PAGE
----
Andrew Dys

Blacks ‘living in hell,’ says Trump? Not in Rock Hill the day after he said it

African-Americans in Rock Hill respond to Donald Trump

Trump in Monday's debate said African-Americans are "living in hell" because of crime in their communities but volunteers in Rock Hill show a different take.
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Trump in Monday's debate said African-Americans are "living in hell" because of crime in their communities but volunteers in Rock Hill show a different take.

If Donald Trump said African-Americans are “living in hell” in American cities at a presidential debate Monday night, then surely the flames must have been licking the city of Rock Hill on Tuesday – just hours after Trump said it.

Of more than 71,000 people in the city at least 38 percent are black – 27,000-plus.

On Saluda Street, home to so many black businesses and homes, Tim Nelson was at work at his auto body shop. It is hot work, but he just shook his head at any notion that his life or place is hell. He had been up half the night pulling a car out of a ditch with his tow truck, then Tuesday he had to get up before dawn to go to work.

Down Heckle Boulevard to Crawford Road, hell was sought – but all to be found was a cross at the intersection. The cross was put up after a woman died in a crash there earlier this month. The accused driver who smashed into her was black, a convicted felon just out of prison. He now faces more charges that could keep him in prison forever.

Maybe that’s what Trump was talking about, crime.

The day after the debate presidential candidates Donald Trump and Hillary Clinton hit the campaign trail. Trump met with Hispanic students at a townhall at Miami-Dade College in Florida while Clinton rallied in Raleigh, North Carolina. Katy Perry,

It made no difference to Sonny Feely. A retired guy, black, who worked all his life after growing up in segregation, Feely saw the crash site two weeks ago and stopped and built the cross. The cross still stands. He never met the lady who died. He had no idea what she looked like, either. He was told she was white.

“Doesn’t make a difference,” Feely said. “I just felt that the spot needed to be marked, so that people would know that there are those of us out here who care that she is remembered.”

Feely was asked if he watched Trump on Monday night and heard about a comment that he was living in hell.

“No,” Feely said. “I put the election in God’s hands.”

On Main Street you go past Adams Chapel AME Church where Dr. Jacques Days, a physician, is the pastor. Days is also the president of the Rock Hill NAACP. Days said black people remain committed to the nation as a whole and put it this way about the African-Americans “living in hell” in inner cities: “That says more about Mr. Trump than it says about us.”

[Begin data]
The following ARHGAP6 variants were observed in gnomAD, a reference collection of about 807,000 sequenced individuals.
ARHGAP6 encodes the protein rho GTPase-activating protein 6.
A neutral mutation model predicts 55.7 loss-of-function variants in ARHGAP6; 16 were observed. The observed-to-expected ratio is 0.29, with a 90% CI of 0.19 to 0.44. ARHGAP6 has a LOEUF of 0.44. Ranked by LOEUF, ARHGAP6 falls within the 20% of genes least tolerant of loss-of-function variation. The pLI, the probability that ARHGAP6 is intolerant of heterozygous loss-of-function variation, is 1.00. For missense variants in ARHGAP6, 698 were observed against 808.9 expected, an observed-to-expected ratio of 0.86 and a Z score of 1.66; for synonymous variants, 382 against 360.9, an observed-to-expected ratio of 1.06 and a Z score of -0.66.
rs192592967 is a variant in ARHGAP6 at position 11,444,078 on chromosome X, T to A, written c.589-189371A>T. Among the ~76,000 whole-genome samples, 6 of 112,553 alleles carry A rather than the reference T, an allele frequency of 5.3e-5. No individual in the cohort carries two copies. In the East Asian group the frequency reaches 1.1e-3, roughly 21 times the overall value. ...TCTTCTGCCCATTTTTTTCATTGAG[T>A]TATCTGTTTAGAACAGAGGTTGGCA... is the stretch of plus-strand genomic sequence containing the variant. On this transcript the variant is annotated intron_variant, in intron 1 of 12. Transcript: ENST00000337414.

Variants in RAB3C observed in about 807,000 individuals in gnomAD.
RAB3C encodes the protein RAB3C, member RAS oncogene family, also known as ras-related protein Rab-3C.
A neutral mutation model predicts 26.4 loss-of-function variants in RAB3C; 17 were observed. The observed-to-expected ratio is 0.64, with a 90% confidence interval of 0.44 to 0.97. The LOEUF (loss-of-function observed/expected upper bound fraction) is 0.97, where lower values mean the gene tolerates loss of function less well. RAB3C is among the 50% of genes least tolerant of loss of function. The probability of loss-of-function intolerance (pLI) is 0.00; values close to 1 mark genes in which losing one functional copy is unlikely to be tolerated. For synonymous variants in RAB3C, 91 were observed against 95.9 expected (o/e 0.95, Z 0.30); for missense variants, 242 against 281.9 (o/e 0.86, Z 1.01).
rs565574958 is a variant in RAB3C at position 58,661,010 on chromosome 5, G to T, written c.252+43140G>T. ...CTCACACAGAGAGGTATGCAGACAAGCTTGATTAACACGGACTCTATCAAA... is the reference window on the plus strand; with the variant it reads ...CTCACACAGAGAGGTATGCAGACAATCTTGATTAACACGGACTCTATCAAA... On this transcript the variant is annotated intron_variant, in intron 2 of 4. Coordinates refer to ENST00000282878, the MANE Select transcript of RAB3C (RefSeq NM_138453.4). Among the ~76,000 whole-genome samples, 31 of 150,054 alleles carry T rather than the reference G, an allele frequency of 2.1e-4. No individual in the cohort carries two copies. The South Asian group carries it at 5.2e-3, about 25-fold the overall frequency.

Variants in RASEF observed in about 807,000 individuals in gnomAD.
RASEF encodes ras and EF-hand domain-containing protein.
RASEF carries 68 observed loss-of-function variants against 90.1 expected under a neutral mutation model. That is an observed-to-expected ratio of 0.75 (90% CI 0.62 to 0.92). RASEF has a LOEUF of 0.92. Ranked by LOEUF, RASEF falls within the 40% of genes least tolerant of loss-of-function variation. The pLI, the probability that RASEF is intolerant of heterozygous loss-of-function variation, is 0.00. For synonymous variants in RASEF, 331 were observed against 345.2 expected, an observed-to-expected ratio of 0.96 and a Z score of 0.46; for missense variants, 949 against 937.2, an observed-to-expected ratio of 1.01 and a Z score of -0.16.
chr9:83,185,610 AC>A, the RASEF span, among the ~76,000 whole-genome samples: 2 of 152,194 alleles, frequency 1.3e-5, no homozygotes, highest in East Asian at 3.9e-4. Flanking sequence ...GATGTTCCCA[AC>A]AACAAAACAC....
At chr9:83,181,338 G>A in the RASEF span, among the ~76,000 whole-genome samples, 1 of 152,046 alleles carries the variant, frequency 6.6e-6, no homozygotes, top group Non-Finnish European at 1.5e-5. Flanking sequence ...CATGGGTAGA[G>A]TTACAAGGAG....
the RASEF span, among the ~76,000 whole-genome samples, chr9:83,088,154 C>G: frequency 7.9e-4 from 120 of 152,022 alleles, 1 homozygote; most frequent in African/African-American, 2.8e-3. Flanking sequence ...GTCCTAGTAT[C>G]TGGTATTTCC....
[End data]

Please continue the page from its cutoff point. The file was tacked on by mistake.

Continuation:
The next place to check was the historic Mount Prospect Baptist Church right smack in the middle of a neighborhood west of downtown. The church is so entrenched in Rock Hill it is on the National Register of Historic Places.

It is also made up of people who are black.

The outbuilding where the weekly food pantry served 134 families of all colors just this past weekend was closed, and the church was locked, too. Everybody must have been packing to get out of the fires.

No, the volunteers from the church were a few blocks away, ladling out food to the needy. The fourth Tuesday of every month is Mount Prospect’s day at the Dorothy Day Soup Kitchen, on Crawford Road.

On one end of the line serving food stood Shelma Scales. She had brought in more chicken from the kitchen. She was asked if she was living in hell.

“I live in Waterford,” Scales said of her Rock Hill neighborhood, not missing a beat from her work.

The Rev. William Ferguson, the Mount Prospect pastor, was nearby cutting chicken. He said he was not pleased by Trump’s remark. But what he was doing was far more important than focus groups or polling that the candidates live by.

“I live in Tega Cay,” Ferguson said of the living comment from Trump.

Hell, Ferguson said, was nowhere to be found Tuesday where the black hands of his church gave out hope and a meal to people of all colors.

Right down the line of servers the ladies shook their heads at any notion that their lives and their homes and their families and their service resembled any comment to be made by a candidate. Evelyn Miller, Mattie Beatty, Mary Ann Staten, Alice Agurs and Phebe Joseph stood shoulder to shoulder, all of them, serving all who arrived.

“Maybe he just doesn’t know black people,” said Staten, a volunteer.

A lady was there having lunch named Katrina Jones. She is 46 years old. She watched the debate, she heard the comment about living in hell. She described herself as two things: Black, and ready to vote.

“Our voices, our votes, make a difference in democracy,” Jones said. “He said we are living in hell? What is it supposed to be like if he gets in office. Or for immigrants?”

Saturday at Mount Prospect church, while the food was given out, the church asked York County voter registration officials to come and take pictures for new voter registration cards that are acceptable identification for the November election. Church volunteer Staten, who led the effort, said 56 people were newly registered with pictures.

She was asked who those people will vote for – Trump or Hillary Clinton.

“No idea,” Staten said. “We just want them to vote.”

Then she excused herself, because there were people to serve in a city with its share of problems. The poor and the needy are present – as well as those who say that heaven is close by helping them along the way.

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